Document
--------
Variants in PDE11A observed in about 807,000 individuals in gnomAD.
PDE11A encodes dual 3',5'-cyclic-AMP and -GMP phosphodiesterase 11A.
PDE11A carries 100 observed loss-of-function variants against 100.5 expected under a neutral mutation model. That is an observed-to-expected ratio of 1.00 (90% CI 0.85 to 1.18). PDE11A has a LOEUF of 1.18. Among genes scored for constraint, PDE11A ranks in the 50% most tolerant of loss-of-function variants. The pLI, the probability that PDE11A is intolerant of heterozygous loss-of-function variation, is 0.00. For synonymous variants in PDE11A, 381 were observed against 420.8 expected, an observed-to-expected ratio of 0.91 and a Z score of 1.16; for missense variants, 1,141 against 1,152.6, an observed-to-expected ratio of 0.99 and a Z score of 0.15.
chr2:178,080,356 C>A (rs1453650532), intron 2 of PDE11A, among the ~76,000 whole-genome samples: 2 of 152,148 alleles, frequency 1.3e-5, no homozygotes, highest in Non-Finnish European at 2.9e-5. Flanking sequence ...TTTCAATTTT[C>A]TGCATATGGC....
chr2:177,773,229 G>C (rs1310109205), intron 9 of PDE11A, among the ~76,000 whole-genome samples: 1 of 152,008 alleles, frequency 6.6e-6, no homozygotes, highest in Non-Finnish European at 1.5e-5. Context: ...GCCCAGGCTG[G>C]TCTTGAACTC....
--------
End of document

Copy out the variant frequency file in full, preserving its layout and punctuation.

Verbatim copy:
Variants in PDE11A observed in about 807,000 individuals in gnomAD.
PDE11A encodes dual 3',5'-cyclic-AMP and -GMP phosphodiesterase 11A.
PDE11A carries 100 observed loss-of-function variants against 100.5 expected under a neutral mutation model. That is an observed-to-expected ratio of 1.00 (90% CI 0.85 to 1.18). PDE11A has a LOEUF of 1.18. Among genes scored for constraint, PDE11A ranks in the 50% most tolerant of loss-of-function variants. The pLI, the probability that PDE11A is intolerant of heterozygous loss-of-function variation, is 0.00. For synonymous variants in PDE11A, 381 were observed against 420.8 expected, an observed-to-expected ratio of 0.91 and a Z score of 1.16; for missense variants, 1,141 against 1,152.6, an observed-to-expected ratio of 0.99 and a Z score of 0.15.
chr2:178,080,356 C>A (rs1453650532), intron 2 of PDE11A, among the ~76,000 whole-genome samples: 2 of 152,148 alleles, frequency 1.3e-5, no homozygotes, highest in Non-Finnish European at 2.9e-5. Flanking sequence ...TTTCAATTTT[C>A]TGCATATGGC....
chr2:177,773,229 G>C (rs1310109205), intron 9 of PDE11A, among the ~76,000 whole-genome samples: 1 of 152,008 alleles, frequency 6.6e-6, no homozygotes, highest in Non-Finnish European at 1.5e-5. Context: ...GCCCAGGCTG[G>C]TCTTGAACTC....